Education And Debate The World Bank and world health

Healthcare strategy

BMJ 1999; 318 doi: http://dx.doi.org/10.1136/bmj.318.7188.933 (Published 03 April 1999) Cite this as: BMJ 1999;318:933
  1. Kamran Abbasi, assistant editor. ([email protected])
  1. BMJ, London WC1H 9JR

    The World Bank estimates that 1.3 billion people live in absolute=20 poverty, which means that about a quarter of the world's population earns less than $1 a day. With the world's population projected to almost double over the next century (from 5.3 billion in 1990 to around 10 billion by 2100, and mostly in poorer populations) malnutrition, childhood infections, poor maternal health, and high fertility will remain substantial challenges in real terms. Overall, however, the pattern of the global disease burden is shifting away from communicable diseases to non-communicable diseases as high fertility and mortality are being replaced by low fertility and mortality (fig 1). By 2020, the bank estimates that the share of the global disease burden from non-communicable diseases will be 57% (up from 36% in 1990), and the contribution from infectious diseases, pregnancy, and perinatal causes will have fallen to 22% (from 49% in 1990) (fig 2.)1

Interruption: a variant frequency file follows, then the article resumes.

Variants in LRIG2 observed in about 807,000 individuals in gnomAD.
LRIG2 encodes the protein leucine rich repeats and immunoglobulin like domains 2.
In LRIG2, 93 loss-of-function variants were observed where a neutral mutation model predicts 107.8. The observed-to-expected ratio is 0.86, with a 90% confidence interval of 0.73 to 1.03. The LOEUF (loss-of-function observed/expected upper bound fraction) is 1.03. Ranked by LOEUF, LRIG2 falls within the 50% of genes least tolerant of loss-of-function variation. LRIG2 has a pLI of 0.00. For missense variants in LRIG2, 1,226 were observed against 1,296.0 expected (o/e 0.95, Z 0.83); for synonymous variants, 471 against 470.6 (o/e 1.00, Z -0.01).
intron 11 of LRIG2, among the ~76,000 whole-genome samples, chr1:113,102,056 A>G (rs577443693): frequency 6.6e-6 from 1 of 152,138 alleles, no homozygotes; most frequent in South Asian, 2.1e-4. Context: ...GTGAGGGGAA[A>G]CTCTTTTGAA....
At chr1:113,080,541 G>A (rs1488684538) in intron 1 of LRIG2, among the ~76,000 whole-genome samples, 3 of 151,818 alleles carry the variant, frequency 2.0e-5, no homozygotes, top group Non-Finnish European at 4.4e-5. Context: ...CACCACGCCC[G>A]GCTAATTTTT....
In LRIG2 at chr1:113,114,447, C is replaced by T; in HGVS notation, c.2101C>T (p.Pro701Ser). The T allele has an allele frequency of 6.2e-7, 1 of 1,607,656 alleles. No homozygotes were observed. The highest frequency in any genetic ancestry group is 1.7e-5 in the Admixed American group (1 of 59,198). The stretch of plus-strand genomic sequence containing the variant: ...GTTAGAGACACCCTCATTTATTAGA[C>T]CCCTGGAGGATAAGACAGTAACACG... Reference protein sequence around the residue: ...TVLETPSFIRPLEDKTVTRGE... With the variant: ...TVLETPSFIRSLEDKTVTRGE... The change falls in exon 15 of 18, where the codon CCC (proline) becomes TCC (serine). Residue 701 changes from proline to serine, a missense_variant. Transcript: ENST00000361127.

Fig 1

    Known and projected worldwide life expectancy and fertility rates

    Summary points

    • A quarter of the world's population earns less than $1 a day

    • The World Bank believes that governments need to find an “optimal balance” between public and private sectors in the financing and delivery of health care

    • The bank's priorities focus on mobilising the female work force, enhancing the performance of healthcare systems, and ensuring sustainability of health care

    • However, it accepts that it needs to sharpen focus through greater selectivity, more rigorous evaluation of projects, and greater collaboration with governments and other agencies

    • Critics argue that the bank's policies do not have the flexibility to achieve their goals

    Fig 2

    Causes of death among rich and poor, worldwide

    Despite the magnitude of the healthcare challenge, the bank believes that affordable solutions are available, but it blames governments and the private sector for rendering policies ineffective. The bank's prescription for global health care is the marriage of …

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